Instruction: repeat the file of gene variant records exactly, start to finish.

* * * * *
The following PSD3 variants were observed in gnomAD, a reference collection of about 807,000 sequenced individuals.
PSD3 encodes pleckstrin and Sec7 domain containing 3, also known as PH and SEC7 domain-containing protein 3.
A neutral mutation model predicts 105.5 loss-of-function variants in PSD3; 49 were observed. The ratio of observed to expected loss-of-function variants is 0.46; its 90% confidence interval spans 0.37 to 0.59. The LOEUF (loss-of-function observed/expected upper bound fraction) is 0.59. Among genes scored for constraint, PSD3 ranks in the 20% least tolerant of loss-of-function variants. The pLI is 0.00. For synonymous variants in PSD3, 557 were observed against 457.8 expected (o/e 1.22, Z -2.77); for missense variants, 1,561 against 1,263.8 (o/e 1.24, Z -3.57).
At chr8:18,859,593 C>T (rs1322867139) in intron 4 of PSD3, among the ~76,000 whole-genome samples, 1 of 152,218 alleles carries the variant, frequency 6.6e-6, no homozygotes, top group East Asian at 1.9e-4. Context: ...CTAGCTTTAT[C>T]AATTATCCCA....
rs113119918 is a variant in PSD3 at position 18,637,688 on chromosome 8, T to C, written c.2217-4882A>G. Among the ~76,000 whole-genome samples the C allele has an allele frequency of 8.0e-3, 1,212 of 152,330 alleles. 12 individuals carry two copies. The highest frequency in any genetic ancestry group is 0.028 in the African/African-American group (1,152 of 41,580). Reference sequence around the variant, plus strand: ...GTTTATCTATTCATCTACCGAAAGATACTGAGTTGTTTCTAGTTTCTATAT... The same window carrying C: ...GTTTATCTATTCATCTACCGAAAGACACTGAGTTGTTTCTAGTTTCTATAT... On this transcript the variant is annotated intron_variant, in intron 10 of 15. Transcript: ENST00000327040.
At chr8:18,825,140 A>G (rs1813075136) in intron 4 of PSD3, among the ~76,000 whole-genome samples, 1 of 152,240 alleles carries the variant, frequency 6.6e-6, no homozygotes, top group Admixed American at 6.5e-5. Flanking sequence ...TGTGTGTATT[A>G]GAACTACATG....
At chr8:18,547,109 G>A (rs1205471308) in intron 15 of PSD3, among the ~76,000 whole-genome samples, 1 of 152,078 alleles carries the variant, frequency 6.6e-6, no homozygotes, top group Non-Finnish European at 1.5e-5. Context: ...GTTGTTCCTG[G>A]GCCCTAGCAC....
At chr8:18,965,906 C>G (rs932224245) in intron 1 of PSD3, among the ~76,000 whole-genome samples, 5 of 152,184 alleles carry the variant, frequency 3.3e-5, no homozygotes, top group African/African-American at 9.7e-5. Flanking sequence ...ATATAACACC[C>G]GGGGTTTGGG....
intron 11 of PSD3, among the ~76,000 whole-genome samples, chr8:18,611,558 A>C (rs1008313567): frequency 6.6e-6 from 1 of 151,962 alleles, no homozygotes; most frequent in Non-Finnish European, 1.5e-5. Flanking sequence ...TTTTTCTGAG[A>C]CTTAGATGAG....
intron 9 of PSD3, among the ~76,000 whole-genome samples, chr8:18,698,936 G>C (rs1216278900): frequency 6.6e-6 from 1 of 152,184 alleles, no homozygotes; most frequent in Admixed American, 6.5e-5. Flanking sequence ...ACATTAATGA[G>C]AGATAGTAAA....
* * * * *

The following PSD3 variants were observed in gnomAD, a reference collection of about 807,000 sequenced individuals.
PSD3 encodes pleckstrin and Sec7 domain containing 3, also known as PH and SEC7 domain-containing protein 3.
A neutral mutation model predicts 105.5 loss-of-function variants in PSD3; 49 were observed. The ratio of observed to expected loss-of-function variants is 0.46; its 90% confidence interval spans 0.37 to 0.59. The LOEUF (loss-of-function observed/expected upper bound fraction) is 0.59. Among genes scored for constraint, PSD3 ranks in the 20% least tolerant of loss-of-function variants. The pLI is 0.00. For synonymous variants in PSD3, 557 were observed against 457.8 expected (o/e 1.22, Z -2.77); for missense variants, 1,561 against 1,263.8 (o/e 1.24, Z -3.57).
At chr8:18,859,593 C>T (rs1322867139) in intron 4 of PSD3, among the ~76,000 whole-genome samples, 1 of 152,218 alleles carries the variant, frequency 6.6e-6, no homozygotes, top group East Asian at 1.9e-4. Context: ...CTAGCTTTAT[C>T]AATTATCCCA....
rs113119918 is a variant in PSD3 at position 18,637,688 on chromosome 8, T to C, written c.2217-4882A>G. Among the ~76,000 whole-genome samples the C allele has an allele frequency of 8.0e-3, 1,212 of 152,330 alleles. 12 individuals carry two copies. The highest frequency in any genetic ancestry group is 0.028 in the African/African-American group (1,152 of 41,580). Reference sequence around the variant, plus strand: ...GTTTATCTATTCATCTACCGAAAGATACTGAGTTGTTTCTAGTTTCTATAT... The same window carrying C: ...GTTTATCTATTCATCTACCGAAAGACACTGAGTTGTTTCTAGTTTCTATAT... On this transcript the variant is annotated intron_variant, in intron 10 of 15. Transcript: ENST00000327040.
At chr8:18,825,140 A>G (rs1813075136) in intron 4 of PSD3, among the ~76,000 whole-genome samples, 1 of 152,240 alleles carries the variant, frequency 6.6e-6, no homozygotes, top group Admixed American at 6.5e-5. Flanking sequence ...TGTGTGTATT[A>G]GAACTACATG....
At chr8:18,547,109 G>A (rs1205471308) in intron 15 of PSD3, among the ~76,000 whole-genome samples, 1 of 152,078 alleles carries the variant, frequency 6.6e-6, no homozygotes, top group Non-Finnish European at 1.5e-5. Context: ...GTTGTTCCTG[G>A]GCCCTAGCAC....
At chr8:18,965,906 C>G (rs932224245) in intron 1 of PSD3, among the ~76,000 whole-genome samples, 5 of 152,184 alleles carry the variant, frequency 3.3e-5, no homozygotes, top group African/African-American at 9.7e-5. Flanking sequence ...ATATAACACC[C>G]GGGGTTTGGG....
intron 11 of PSD3, among the ~76,000 whole-genome samples, chr8:18,611,558 A>C (rs1008313567): frequency 6.6e-6 from 1 of 151,962 alleles, no homozygotes; most frequent in Non-Finnish European, 1.5e-5. Flanking sequence ...TTTTTCTGAG[A>C]CTTAGATGAG....
intron 9 of PSD3, among the ~76,000 whole-genome samples, chr8:18,698,936 G>C (rs1216278900): frequency 6.6e-6 from 1 of 152,184 alleles, no homozygotes; most frequent in Admixed American, 6.5e-5. Flanking sequence ...ACATTAATGA[G>C]AGATAGTAAA....